This points out that the table names are plural names. Pets, not Pet. Many developers name all their tables with singular names, supposedly because they represent a single object. A Pet. That sounds good, but in reality, a table represents a "collection" of things, not a single thing. We don’t say "give me the names of all the PET that need fed today." We say "pets". "Pets" is a more natural way to refer to a collection of pets. Plural table names are a more natural way to refer to collections of records.
That said, each record in a Pets table does represent a single Pet. So it makes sense to say "PetID", instead of "PetsID"
So, if we try to make our example more real-world, let’s switch to something concrete and design a Pets table. Now our CREATE TABLE example might look like this:
In addition to the identity column, I have changed the next column to "PetName" and made it varchar(30) – meaning it can contain any string up to 30 characters.
I also added the phrase "not null". Ok, so what is that?
NULL and NOT NULL
The term "null" means "nothing". If a column is NULL, it has no value at all; not 0 for a number or an empty string ("") for a string or varchar column.
If we define a column with NOT NULL we are saying that a value must always be provided for this column when a record is created. We cannot create a record and not provide some value for PetName.
This is actually a good idea. We don’t generally like columns that have null values. It is easier for everyone concerned (us as database developers, the UI developers) that all columns have some value.
But NOT NULL has another purpose. It means that the column is required. That makes sense in this case. Why would we want a Pet record without a Pet name? Let’s move on and we will see that not null gets more complicated.
How about some more columns:
|PetID||int||not null||identity primary key|
|,Weight||decimal (5,2)||not null||default(0)|
Okay. There are probably a lot of things we might track for pets – if we were building a database for pet store, for instance. So these are just some examples.
For Breed, the datta type is varchar(30). It could be there are larger breed names that would make us consider varchar(35) or varchar(50), etc.
The column definition also has NOT NULL, so we want to make sure there is some value in that column. But there are cases where it is possible we do not know the value that needs to be entered in a column, especially when we first create a record.
That is the purpose of the DEFAULT phrase. If a value is not provided when the record is inserted, the database will use the default value (the literal in the parenthesis). For MSSQL, we normally surround the default in parenthesis.
So what does this combination of NOT NULL and DEFAULT do? We said we wanted to have some value for very column, if possible. NOT NULL means we will not allow a null value, and DEFAULT provides one when we need it. And we don’t force the user to enter "Don’t know" or something else, just to make sure we have a value.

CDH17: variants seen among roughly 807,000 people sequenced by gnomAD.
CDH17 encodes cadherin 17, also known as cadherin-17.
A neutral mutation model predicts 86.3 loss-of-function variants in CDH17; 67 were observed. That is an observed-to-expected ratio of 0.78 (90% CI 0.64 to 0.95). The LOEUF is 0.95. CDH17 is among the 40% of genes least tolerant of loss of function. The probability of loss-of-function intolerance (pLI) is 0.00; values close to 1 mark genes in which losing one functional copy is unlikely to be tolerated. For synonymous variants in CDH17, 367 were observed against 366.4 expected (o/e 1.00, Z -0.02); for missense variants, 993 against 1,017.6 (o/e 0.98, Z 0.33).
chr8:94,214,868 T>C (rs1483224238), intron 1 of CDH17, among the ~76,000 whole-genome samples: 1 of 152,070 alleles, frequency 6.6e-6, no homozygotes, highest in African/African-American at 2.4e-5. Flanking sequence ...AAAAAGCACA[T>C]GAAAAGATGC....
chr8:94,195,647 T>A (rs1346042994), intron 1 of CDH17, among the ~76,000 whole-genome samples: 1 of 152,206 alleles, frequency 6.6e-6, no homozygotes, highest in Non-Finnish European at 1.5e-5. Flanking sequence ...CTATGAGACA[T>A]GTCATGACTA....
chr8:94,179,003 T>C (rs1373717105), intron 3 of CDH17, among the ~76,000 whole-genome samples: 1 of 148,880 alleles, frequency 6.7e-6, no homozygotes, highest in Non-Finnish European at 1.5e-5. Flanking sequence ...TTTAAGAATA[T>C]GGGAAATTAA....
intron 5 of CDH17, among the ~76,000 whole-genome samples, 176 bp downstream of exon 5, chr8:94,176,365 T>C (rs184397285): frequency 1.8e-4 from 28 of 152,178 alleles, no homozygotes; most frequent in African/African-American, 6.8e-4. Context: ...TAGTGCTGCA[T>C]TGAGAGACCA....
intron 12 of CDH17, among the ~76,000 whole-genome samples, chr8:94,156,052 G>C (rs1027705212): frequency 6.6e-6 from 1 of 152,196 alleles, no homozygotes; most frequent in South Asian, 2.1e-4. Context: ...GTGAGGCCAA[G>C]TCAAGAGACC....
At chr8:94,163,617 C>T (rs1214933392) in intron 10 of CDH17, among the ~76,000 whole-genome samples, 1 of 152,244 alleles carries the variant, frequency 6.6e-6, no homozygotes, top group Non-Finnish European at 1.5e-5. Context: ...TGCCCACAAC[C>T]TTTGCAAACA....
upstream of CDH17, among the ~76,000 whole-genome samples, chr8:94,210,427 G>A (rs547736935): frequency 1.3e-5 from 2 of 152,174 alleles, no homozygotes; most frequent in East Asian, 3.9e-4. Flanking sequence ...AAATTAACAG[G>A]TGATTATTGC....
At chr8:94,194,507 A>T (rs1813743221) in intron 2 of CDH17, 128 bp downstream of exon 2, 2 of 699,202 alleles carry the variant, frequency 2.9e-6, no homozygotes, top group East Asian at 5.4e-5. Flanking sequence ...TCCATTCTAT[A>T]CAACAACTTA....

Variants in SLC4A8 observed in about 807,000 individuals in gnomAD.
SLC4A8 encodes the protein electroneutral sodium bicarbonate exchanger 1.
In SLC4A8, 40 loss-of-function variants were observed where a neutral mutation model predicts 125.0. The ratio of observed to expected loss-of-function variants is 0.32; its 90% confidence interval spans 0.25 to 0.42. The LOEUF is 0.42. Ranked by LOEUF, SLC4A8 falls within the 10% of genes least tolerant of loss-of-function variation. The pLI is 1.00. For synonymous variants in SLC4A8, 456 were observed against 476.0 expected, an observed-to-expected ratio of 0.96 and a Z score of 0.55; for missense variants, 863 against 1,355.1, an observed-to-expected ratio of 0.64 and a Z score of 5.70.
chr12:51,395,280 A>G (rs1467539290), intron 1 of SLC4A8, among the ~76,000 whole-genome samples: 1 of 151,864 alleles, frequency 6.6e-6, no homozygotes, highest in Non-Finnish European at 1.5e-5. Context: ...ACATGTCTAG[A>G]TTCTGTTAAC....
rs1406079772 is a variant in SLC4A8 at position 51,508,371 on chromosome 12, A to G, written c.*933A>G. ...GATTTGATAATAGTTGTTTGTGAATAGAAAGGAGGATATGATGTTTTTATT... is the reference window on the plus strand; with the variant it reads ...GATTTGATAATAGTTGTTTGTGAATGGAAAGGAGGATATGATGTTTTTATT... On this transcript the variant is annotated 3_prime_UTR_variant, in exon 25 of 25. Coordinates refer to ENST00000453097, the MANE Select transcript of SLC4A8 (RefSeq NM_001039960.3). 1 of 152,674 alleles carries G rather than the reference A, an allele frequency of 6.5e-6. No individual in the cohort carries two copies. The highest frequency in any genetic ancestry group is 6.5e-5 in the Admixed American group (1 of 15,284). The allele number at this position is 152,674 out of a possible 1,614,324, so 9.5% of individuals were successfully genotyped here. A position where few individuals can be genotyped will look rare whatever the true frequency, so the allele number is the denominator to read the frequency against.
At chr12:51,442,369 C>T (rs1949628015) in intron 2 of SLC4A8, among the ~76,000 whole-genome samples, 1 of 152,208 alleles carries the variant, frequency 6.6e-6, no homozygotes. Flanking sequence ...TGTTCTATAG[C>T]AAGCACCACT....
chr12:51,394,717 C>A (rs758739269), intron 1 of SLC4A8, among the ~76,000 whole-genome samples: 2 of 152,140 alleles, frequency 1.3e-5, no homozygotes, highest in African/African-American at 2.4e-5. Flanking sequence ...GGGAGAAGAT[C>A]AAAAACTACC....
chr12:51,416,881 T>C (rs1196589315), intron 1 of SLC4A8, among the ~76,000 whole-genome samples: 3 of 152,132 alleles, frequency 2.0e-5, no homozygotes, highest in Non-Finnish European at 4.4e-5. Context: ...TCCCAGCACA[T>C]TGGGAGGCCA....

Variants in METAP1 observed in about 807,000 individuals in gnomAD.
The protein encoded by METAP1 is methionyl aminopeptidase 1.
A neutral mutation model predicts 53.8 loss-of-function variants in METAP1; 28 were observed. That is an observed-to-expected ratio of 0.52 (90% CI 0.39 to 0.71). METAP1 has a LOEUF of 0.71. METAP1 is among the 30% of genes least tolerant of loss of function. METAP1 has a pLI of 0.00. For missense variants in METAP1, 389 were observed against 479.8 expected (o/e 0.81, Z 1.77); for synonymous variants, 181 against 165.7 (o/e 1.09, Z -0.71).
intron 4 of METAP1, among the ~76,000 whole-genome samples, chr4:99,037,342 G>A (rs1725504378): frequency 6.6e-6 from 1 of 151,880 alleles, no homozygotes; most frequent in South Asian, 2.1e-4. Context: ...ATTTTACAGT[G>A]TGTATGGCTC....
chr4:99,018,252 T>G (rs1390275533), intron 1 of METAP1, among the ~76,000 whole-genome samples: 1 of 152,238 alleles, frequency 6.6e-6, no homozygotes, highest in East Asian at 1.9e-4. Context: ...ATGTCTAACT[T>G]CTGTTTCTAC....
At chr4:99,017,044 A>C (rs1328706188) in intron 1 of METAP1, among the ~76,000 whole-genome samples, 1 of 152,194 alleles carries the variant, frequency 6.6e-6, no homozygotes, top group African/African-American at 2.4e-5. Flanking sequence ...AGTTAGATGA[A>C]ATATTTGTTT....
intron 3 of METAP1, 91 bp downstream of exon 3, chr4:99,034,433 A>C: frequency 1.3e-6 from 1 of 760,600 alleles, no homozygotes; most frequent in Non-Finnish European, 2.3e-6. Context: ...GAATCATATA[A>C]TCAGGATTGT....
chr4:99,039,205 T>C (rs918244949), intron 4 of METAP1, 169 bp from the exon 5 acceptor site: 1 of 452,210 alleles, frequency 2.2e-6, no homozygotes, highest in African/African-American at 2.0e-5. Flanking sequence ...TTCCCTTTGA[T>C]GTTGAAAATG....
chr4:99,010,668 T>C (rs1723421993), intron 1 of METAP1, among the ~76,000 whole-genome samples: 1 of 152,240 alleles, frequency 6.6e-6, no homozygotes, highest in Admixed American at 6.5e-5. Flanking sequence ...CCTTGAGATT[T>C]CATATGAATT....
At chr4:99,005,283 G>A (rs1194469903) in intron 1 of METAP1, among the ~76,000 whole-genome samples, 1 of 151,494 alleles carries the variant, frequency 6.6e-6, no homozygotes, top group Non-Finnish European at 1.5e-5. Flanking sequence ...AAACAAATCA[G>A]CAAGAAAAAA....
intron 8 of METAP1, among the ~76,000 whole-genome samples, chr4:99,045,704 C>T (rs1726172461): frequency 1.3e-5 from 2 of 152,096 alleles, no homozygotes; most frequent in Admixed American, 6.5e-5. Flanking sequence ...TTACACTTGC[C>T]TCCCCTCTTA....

The Age column is defined as int, which makes sense if we only need to track years, for example. Defaults for number columns must be a number. The "not null", default combination accomplishes the same thing as Breed. If the user does not know the Age, the database will insert zero if nothing else is provided. That works.
Same thing for Weight, although this time we define the column as a decimal. Decimals are different from int columns in that they contain decimal places. The definition for Weight specifies (5,2) after the word "decimal". The 5,2 represents "precision" and "scale". Precision means the total number of digits. Scale means the number of decimal places. The decimal point is not included in these numbers. 5,2 means any number with up to 5 total digits, and 2 decimal places will be allowed. 999.99 qualifies. 99.999 does not (too many decimal places). 9999.9 does not qualify (the 2 decimals are a fixed requirement; there must always be room for 2 decimal places).
Again,NOT NULL and DEFAULT were specified. (We want ALL numbers to be not null. The exception will be keys – we’ll get to that later.)
Okay, the table definition above is complete. How do we actually create the table?
The entire CREATE TABLE statement is executed as one statement. So the entire statement should be selected (highlighted) (down to the ");" at the end) and executed as a single statement. That should create the table.
The table is now ready to have data inserted.
Recreating a Table
What if we made an error, need to add a column, or fix something else after the table was created? This is sometimes a difficult problem. In class, and in development environments in general, we can usually recreate the table and then repopulate any data we need.
The problem is that the table needs to be deleted, before it can be recreated. There is not a "create table and save data" command.
To delete a table, we have to DROP it. There is not a delete command. DROP is a DDL (Data Definition Language) statement because it affects the structure of the table.
This is a DROP statement:
The DROP statement cannot be undone. Once the table is gone, it is gone. Be very careful and double-check your statement and the table you are dropping is correct.
Once the table is dropped, you can execute a statement to create it again. Trying the run CREATE TABLE on an existing table results in an error. Nothing happens.
Trying to drop a table that does not exist is also an error.
The DIE Statement
Since SQL Server 2016, we can now use a DIE statement. That means "DROP IF EXISTS". The statement can be very handy. The syntax is:
This statement will check to see if a table exists before attempting to delete it. It avoids the error of dropping a table that does not exist. This statement is only available in version SQL Server 2016 and later.